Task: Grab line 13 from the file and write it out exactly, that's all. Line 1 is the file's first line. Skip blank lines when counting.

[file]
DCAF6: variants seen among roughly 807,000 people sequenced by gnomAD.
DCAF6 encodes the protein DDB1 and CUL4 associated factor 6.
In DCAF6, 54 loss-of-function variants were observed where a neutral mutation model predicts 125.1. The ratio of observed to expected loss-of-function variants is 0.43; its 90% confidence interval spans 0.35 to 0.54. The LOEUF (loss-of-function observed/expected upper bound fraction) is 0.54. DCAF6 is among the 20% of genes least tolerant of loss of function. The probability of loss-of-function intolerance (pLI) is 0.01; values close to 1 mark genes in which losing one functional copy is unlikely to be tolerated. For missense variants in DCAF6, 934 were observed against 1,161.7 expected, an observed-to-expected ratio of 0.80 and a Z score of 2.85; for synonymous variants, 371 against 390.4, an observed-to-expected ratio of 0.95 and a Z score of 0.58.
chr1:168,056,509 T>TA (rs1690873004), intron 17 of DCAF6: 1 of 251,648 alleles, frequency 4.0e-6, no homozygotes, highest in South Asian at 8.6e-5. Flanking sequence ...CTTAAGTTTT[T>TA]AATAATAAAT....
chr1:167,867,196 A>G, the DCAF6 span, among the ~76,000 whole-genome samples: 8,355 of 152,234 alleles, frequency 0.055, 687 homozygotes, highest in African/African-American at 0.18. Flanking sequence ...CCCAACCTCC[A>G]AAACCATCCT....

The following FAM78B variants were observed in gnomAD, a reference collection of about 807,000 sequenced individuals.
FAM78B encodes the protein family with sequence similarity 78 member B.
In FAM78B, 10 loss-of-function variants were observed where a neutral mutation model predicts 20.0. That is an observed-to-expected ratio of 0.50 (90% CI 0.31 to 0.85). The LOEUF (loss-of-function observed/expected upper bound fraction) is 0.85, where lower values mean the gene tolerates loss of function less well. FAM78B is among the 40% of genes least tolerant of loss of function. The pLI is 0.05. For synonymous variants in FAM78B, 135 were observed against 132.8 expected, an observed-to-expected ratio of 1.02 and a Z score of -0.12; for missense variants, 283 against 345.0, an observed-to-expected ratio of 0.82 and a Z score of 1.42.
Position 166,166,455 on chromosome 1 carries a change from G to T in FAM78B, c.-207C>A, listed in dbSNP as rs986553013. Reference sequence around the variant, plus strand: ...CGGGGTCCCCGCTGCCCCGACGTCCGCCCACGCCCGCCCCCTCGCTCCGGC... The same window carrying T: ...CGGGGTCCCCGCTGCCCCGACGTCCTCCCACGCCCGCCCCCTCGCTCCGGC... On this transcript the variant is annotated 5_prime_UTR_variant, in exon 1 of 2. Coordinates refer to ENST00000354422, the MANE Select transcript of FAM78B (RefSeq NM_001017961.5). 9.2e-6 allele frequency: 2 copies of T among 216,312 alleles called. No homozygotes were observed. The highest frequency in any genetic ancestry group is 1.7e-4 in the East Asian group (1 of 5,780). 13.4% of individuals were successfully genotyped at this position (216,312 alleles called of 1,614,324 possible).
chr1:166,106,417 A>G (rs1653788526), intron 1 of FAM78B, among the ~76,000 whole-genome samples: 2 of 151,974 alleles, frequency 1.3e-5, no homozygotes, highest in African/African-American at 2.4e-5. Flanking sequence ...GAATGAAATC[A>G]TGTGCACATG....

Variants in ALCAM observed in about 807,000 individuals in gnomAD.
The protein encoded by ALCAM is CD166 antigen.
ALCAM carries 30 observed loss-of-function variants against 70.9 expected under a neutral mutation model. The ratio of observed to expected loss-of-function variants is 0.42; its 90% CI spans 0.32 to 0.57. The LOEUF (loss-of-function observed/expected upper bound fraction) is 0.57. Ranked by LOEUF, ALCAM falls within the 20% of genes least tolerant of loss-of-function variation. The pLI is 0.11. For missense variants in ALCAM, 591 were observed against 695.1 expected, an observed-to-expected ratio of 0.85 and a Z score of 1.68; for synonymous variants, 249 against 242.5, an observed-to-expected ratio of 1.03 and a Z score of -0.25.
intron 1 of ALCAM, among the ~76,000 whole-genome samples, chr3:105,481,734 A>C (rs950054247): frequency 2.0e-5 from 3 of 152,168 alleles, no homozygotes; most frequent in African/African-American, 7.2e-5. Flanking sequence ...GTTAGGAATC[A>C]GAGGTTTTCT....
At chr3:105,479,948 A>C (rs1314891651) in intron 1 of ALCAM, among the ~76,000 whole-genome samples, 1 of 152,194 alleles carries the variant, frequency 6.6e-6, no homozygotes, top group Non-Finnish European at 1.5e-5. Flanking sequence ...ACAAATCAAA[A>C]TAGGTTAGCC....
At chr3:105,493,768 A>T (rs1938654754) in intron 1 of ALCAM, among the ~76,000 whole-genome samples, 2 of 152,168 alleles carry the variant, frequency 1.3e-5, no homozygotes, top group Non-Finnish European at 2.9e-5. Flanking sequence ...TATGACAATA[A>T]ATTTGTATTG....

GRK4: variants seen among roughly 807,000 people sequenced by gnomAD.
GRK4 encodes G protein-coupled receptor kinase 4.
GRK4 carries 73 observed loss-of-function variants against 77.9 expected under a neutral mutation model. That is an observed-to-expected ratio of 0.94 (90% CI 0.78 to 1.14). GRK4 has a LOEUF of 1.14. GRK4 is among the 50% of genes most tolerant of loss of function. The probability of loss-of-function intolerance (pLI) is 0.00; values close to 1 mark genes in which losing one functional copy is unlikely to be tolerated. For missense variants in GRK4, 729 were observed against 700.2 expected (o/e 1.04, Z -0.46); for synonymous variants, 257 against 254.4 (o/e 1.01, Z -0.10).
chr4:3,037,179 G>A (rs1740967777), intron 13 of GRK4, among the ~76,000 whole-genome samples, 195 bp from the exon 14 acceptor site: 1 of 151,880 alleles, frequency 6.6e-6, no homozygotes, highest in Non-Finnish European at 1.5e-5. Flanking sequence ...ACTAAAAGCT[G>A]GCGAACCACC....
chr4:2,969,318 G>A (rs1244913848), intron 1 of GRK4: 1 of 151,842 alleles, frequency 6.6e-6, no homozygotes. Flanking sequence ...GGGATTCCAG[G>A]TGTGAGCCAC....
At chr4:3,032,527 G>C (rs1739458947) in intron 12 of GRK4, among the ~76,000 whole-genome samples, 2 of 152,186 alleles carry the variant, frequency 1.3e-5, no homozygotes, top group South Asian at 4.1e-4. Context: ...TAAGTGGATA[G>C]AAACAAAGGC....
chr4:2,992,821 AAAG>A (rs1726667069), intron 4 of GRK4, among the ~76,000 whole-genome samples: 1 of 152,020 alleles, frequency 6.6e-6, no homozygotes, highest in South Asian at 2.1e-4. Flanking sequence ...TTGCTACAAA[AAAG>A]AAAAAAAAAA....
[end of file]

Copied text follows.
ALCAM carries 30 observed loss-of-function variants against 70.9 expected under a neutral mutation model. The ratio of observed to expected loss-of-function variants is 0.42; its 90% CI spans 0.32 to 0.57. The LOEUF (loss-of-function observed/expected upper bound fraction) is 0.57. Ranked by LOEUF, ALCAM falls within the 20% of genes least tolerant of loss-of-function variation. The pLI is 0.11. For missense variants in ALCAM, 591 were observed against 695.1 expected, an observed-to-expected ratio of 0.85 and a Z score of 1.68; for synonymous variants, 249 against 242.5, an observed-to-expected ratio of 1.03 and a Z score of -0.25.